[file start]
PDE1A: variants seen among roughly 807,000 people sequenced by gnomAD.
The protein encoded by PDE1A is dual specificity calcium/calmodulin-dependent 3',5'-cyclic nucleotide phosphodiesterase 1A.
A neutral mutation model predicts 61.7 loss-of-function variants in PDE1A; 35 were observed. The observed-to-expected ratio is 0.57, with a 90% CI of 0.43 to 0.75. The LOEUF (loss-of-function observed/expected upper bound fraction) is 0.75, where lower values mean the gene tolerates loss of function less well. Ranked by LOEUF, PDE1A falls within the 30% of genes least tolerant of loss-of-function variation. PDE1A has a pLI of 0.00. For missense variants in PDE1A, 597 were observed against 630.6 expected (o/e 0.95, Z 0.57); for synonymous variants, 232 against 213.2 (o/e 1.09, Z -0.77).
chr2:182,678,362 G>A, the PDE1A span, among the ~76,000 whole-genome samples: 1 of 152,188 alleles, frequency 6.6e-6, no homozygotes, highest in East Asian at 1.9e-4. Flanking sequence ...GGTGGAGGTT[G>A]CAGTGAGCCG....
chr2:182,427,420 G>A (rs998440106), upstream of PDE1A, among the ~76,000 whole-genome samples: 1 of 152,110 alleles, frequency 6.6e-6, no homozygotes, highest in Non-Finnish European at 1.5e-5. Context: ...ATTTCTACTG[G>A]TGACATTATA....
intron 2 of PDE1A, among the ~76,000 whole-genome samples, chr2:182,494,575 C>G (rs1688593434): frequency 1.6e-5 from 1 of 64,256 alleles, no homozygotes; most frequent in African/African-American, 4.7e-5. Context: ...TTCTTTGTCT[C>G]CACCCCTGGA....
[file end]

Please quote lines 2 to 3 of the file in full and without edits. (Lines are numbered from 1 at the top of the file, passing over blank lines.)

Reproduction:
The protein encoded by PDE1A is dual specificity calcium/calmodulin-dependent 3',5'-cyclic nucleotide phosphodiesterase 1A.
A neutral mutation model predicts 61.7 loss-of-function variants in PDE1A; 35 were observed. The observed-to-expected ratio is 0.57, with a 90% CI of 0.43 to 0.75. The LOEUF (loss-of-function observed/expected upper bound fraction) is 0.75, where lower values mean the gene tolerates loss of function less well. Ranked by LOEUF, PDE1A falls within the 30% of genes least tolerant of loss-of-function variation. PDE1A has a pLI of 0.00. For missense variants in PDE1A, 597 were observed against 630.6 expected (o/e 0.95, Z 0.57); for synonymous variants, 232 against 213.2 (o/e 1.09, Z -0.77).